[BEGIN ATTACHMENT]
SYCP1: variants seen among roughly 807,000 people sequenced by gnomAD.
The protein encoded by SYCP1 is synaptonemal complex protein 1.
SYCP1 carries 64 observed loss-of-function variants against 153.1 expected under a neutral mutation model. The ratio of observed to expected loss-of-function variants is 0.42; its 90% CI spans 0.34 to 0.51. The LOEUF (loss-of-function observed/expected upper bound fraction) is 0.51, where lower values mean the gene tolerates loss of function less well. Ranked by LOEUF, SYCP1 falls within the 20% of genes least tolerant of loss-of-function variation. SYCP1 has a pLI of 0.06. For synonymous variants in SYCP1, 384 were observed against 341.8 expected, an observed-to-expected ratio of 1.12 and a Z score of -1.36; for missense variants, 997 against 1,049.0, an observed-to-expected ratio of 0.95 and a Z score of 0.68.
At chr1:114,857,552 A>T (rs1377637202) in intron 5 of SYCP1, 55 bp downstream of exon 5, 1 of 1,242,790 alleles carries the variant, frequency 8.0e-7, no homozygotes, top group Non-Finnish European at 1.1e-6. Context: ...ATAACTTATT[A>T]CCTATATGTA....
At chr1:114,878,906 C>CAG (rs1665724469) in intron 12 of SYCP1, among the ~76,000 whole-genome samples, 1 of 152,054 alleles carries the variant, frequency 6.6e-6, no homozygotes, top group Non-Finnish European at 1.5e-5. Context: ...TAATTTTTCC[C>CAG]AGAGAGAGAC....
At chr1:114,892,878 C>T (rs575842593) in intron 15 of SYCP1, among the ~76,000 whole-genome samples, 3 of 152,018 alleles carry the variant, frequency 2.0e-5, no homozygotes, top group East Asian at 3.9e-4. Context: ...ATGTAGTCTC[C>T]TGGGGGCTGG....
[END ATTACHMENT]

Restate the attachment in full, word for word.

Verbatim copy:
SYCP1: variants seen among roughly 807,000 people sequenced by gnomAD.
The protein encoded by SYCP1 is synaptonemal complex protein 1.
SYCP1 carries 64 observed loss-of-function variants against 153.1 expected under a neutral mutation model. The ratio of observed to expected loss-of-function variants is 0.42; its 90% CI spans 0.34 to 0.51. The LOEUF (loss-of-function observed/expected upper bound fraction) is 0.51, where lower values mean the gene tolerates loss of function less well. Ranked by LOEUF, SYCP1 falls within the 20% of genes least tolerant of loss-of-function variation. SYCP1 has a pLI of 0.06. For synonymous variants in SYCP1, 384 were observed against 341.8 expected, an observed-to-expected ratio of 1.12 and a Z score of -1.36; for missense variants, 997 against 1,049.0, an observed-to-expected ratio of 0.95 and a Z score of 0.68.
At chr1:114,857,552 A>T (rs1377637202) in intron 5 of SYCP1, 55 bp downstream of exon 5, 1 of 1,242,790 alleles carries the variant, frequency 8.0e-7, no homozygotes, top group Non-Finnish European at 1.1e-6. Context: ...ATAACTTATT[A>T]CCTATATGTA....
At chr1:114,878,906 C>CAG (rs1665724469) in intron 12 of SYCP1, among the ~76,000 whole-genome samples, 1 of 152,054 alleles carries the variant, frequency 6.6e-6, no homozygotes, top group Non-Finnish European at 1.5e-5. Context: ...TAATTTTTCC[C>CAG]AGAGAGAGAC....
At chr1:114,892,878 C>T (rs575842593) in intron 15 of SYCP1, among the ~76,000 whole-genome samples, 3 of 152,018 alleles carry the variant, frequency 2.0e-5, no homozygotes, top group East Asian at 3.9e-4. Context: ...ATGTAGTCTC[C>T]TGGGGGCTGG....